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            Relationship between 5-fluorouracil (5-FU) dose intensity and therapeutic response in patients with advanced colorectal cancer receiving infusional therapy containing 5-FU.

            A phase II prospective trial was carried out to study the concept of 5-fluorouracil (5-FU) dose-intensity in patients with advanced colorectal cancer. Forty patients were treated with 5-FU plus leucovorin (LV), with individually increasing doses of 5-FU. A 5-FU pharmacokinetic follow up was performed and a relationship was sought between its metabolism and its response to treatment, and between 5-FU's toxicity and patient survival. 5-FU was administered weekly by 8 hour continuous infusion. The initial dose of 1000 mg/m2 was individually increased every 3 weeks by 250 mg/m2 steps, potentiated by 400 mg/m2 LV. 5-FU plasma concentrations were determined weekly by liquid chromatography. Eighteen overall objective responses and 22 minor responses, stabilizations, or progressions (NR) were observed. 5-FU plasma levels were significantly higher in cases of complete or partial response, whatever the dose. They reached about 2000 micrograms/l as early as the second dose level (1250 mg/m2). Only seven patients who experienced NR reached equivalent levels after the fourth step (1750 mg/m2). High 5-FU plasma levels were predictive of an objective response and better survival (difference not significant). The acute toxicity, whatever the type, was correlated with 5-FU levels > 3000 micrograms/l and not with the dose. This study shows the wide variability of 5-FU metabolism, whatever the dose, the clear relationship between 5-FU plasma levels, toxicity, and efficacy. This relationship points out the problem of the polymorphism of 5-FU metabolism, the usefulness of the therapeutic range determination and the usefulness of the individual 5-FU dose adaptation.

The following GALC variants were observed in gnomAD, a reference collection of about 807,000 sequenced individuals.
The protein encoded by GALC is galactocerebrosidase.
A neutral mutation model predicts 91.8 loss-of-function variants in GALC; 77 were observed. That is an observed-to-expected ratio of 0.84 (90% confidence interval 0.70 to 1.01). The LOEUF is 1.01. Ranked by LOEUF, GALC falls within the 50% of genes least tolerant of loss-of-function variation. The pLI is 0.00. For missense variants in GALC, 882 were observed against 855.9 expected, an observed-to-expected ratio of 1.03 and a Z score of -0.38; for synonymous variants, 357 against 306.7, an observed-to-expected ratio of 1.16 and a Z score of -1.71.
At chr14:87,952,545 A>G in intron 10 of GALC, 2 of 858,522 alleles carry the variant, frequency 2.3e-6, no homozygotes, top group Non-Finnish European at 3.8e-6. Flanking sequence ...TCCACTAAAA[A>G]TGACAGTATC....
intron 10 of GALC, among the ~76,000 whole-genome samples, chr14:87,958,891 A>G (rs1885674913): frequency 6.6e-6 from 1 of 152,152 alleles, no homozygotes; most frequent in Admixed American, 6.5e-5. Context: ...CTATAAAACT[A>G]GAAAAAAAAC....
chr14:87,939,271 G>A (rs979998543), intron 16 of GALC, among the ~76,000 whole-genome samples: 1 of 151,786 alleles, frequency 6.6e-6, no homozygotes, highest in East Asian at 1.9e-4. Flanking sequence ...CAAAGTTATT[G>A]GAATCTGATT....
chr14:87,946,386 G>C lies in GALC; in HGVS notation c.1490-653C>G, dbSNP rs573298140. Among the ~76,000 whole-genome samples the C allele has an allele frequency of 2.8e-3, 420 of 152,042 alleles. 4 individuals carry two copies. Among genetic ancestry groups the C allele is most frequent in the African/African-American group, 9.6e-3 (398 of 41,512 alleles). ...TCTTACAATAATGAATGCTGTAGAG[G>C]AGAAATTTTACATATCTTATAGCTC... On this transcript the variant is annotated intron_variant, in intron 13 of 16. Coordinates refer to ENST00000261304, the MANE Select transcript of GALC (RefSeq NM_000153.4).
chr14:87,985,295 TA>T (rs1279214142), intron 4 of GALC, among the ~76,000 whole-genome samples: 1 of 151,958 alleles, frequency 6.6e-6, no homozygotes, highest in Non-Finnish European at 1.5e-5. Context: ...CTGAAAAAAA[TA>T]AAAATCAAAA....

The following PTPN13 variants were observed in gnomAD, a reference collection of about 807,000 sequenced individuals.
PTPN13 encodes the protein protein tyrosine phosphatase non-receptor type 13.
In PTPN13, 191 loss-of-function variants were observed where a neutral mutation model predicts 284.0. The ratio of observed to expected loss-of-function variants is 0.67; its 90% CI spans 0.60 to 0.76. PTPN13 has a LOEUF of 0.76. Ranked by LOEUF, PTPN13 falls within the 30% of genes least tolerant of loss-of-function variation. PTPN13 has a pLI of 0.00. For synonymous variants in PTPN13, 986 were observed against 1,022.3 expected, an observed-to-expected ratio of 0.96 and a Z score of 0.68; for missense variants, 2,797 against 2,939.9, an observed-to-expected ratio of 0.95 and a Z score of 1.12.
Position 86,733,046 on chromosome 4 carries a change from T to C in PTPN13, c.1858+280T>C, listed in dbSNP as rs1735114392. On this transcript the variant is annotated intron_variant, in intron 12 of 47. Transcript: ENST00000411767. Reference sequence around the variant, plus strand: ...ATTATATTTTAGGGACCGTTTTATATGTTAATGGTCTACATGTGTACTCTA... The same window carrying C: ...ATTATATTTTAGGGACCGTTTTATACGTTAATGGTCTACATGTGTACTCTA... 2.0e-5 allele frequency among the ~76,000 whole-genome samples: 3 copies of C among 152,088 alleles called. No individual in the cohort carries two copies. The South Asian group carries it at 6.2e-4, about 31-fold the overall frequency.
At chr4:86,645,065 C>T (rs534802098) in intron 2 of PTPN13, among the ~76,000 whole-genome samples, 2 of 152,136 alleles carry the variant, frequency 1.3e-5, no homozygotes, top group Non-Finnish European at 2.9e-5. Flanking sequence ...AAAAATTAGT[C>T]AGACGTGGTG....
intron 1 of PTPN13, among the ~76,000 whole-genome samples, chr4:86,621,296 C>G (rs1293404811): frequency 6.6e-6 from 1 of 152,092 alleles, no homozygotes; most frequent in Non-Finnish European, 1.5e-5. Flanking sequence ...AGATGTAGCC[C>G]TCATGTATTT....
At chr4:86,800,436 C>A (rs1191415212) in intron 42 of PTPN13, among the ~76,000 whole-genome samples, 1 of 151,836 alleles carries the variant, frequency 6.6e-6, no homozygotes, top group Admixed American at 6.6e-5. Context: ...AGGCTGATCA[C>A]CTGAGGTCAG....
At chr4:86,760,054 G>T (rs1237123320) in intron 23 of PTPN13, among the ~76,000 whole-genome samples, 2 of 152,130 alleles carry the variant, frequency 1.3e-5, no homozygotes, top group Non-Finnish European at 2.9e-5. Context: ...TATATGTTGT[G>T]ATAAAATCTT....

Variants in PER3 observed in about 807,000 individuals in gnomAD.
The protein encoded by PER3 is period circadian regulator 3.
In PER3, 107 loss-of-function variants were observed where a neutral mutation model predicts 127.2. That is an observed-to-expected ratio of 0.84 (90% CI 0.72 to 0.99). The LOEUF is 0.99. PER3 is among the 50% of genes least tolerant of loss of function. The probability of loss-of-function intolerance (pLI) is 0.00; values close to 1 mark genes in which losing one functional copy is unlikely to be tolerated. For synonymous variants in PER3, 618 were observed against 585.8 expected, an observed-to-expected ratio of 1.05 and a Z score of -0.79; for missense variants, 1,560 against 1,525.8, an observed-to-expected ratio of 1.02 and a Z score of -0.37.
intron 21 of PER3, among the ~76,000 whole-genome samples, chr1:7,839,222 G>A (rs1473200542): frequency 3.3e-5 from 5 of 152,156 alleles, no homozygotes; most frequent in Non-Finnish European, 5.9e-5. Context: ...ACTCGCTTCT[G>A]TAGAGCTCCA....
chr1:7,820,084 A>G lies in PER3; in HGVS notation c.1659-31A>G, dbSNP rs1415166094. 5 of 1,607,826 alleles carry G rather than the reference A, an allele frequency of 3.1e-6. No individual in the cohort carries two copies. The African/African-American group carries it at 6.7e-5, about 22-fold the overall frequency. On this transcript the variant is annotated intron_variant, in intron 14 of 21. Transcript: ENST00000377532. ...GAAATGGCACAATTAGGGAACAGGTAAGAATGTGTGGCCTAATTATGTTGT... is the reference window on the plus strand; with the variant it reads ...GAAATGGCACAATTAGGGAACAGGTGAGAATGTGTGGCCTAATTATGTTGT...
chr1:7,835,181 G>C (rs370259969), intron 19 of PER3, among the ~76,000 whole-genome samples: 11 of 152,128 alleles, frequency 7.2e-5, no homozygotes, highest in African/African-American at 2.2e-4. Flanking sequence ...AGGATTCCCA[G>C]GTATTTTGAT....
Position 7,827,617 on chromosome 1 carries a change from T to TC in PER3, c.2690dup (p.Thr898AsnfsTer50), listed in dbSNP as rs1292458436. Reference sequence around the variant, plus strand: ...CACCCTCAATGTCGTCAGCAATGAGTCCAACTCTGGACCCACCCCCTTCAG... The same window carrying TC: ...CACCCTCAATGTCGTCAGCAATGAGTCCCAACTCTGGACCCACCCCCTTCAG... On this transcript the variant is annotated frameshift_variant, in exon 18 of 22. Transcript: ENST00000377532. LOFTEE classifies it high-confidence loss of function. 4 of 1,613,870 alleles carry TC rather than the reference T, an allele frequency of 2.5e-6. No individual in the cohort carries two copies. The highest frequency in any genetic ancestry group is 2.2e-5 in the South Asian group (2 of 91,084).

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              Microemulsion-based hydrogel formulation of ibuprofen for topical delivery.

              The purpose of this study was to construct microemulsion-base hydrogel formulation for topical delivery of ibuprofen. Ethyl oleate (EO) was screened as the oil phase of microemulsions, due to a good solubilizing capacity of the microemulison systems and excellent skin permeation rate of ibuprofen. The pseudo-ternary phase diagrams for microemulsion regions were constructed using ethyl oleate as the oil, Tween 80 as the surfactant, propylene glycol as the cosurfactant. Various microemulsion formulations were prepared and the abilities of various microemulsions to deliver ibuprofen through the skin were evaluated in vitro using Franz diffusion cells fitted with porcine skins. The in vitro permeation data showed that microemulsions increased the permeation rate of ibuprofen 5.72-30.0 times over the saturated solution. The optimum formulation consisted of 3% ibuprofen, 6% EO, 30% Tween 80/PG (2:1) and water, showed a high permeation rate of 38.06 microg cm(-2) h(-1). Xanthan gum as a gel matrix was used to construct the microemulsion-based hydrogel for improving the viscosity of microemulsion for topical administration. The studied microemulsion-based hydrogel showed a good stability. These results indicate that the studied microemulsion-based hydrogel may be a promising vehicle for topical delivery of ibuprofen.